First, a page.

With the letter he sent his envoy Hannanthe keeper of the archives, offering his own home city to Jesus as a safe dwelling place.
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The envoy painted a likeness of Jesus with choice paints or alternatively, impressed with Abgar's faith, Jesus pressed his face into a cloth and gave it to Hannan to take to Abgar with his answer. Upon seeing Jesus' image, the king placed it with great honor in one of Who is the patron saint of hope palatial houses. Astonished, he converted to Christianityalong with many of the people under his rule. Jude is often depicted with a flame above his head, representing his presence at Pentecost, when he was said to have received the Holy Spirit with the other apostles.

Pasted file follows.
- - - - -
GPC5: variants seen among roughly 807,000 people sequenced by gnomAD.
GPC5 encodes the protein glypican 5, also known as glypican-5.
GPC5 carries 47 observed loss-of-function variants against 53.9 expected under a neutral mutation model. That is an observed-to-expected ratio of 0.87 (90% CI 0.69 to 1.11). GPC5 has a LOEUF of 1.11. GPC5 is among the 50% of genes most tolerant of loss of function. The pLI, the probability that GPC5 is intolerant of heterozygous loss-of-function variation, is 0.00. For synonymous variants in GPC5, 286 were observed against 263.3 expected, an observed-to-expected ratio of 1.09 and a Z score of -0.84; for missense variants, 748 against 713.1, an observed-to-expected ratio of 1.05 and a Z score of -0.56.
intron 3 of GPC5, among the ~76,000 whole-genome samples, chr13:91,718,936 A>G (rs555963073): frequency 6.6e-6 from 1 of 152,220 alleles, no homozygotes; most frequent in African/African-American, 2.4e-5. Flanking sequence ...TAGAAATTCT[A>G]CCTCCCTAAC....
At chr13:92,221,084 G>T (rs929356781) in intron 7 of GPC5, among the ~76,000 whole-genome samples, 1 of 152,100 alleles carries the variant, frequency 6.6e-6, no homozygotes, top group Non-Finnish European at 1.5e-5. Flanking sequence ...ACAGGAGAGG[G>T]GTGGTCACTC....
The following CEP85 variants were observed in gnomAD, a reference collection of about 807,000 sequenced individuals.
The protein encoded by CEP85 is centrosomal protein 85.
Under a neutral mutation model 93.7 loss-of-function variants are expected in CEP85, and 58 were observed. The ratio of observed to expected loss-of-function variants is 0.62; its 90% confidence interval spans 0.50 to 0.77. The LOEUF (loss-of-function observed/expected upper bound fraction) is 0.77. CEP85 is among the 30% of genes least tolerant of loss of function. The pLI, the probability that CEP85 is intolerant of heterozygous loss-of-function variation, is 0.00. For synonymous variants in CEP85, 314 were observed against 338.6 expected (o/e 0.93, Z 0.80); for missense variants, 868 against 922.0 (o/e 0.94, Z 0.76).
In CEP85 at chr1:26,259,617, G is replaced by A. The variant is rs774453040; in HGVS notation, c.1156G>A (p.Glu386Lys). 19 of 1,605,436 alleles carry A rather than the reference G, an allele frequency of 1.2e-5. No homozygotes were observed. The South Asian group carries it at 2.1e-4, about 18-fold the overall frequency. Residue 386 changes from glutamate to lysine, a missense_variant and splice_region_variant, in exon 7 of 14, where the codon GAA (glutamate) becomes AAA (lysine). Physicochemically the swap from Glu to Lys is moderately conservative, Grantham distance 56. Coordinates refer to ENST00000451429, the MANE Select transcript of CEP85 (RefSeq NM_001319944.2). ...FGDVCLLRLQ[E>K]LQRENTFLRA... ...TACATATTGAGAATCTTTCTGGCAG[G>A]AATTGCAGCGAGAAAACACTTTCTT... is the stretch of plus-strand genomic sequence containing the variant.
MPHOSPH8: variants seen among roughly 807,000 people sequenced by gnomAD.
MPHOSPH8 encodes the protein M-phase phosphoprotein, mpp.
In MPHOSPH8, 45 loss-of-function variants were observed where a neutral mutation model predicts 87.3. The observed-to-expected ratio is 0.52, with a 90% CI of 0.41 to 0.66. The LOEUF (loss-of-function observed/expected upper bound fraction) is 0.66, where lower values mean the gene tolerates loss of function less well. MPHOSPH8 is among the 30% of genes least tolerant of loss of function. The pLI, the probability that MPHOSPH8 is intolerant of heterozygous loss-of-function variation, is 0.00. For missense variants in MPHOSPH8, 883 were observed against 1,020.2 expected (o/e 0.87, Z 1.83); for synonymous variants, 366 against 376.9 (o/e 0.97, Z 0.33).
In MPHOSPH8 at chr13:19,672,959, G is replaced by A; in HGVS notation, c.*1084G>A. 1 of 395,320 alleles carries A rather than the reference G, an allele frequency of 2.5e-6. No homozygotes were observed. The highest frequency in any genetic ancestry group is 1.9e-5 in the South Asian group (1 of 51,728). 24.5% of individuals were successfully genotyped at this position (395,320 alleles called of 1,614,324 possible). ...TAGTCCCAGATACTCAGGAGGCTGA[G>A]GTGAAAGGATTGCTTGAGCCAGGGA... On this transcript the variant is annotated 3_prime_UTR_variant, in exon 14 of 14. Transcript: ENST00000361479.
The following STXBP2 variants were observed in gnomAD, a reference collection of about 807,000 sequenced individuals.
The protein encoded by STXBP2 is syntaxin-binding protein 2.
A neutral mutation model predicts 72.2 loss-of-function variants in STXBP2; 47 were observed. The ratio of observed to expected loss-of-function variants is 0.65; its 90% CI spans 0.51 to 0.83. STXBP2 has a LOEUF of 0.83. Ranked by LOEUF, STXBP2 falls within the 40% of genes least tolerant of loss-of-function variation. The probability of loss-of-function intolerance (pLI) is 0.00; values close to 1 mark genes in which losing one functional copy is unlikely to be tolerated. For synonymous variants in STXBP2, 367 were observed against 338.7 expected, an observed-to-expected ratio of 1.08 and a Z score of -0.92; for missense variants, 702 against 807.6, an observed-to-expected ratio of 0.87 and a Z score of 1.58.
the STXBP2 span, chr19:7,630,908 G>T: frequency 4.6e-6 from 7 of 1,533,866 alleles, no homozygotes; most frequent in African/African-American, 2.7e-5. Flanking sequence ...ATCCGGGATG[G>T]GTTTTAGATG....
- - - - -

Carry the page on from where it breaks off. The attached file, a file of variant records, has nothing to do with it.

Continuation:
According to tradition, after his martyrdom, pilgrims came to his grave to pray and many of them experienced the powerful intercessions of St. Thus the title, 'The Saint for the Hopeless and the Despaired'.
Bridget of Sweden and St. Bernard had visions from God asking each to accept St. Jude as 'The Patron Saint of the Impossible'. The Order of Preachers better known as the Dominicans began working in present-day Armenia soon after their founding in At that time, there was already a substantial devotion to Saint Jude by both Catholic and Orthodox Christians in the area. This lasted until persecution drove Christians from the area in the 18th century. Devotion to Saint Jude began again in earnest in the 19th century, starting in Italy and Spainspreading to South Americaand finally to the United States starting in the vicinity of Chicago owing to the influence of the Who is the patron saint of hope and the Dominicans in the s.
Among some Roman Catholics, Saint Jude is venerated as the " patron saint of lost causes".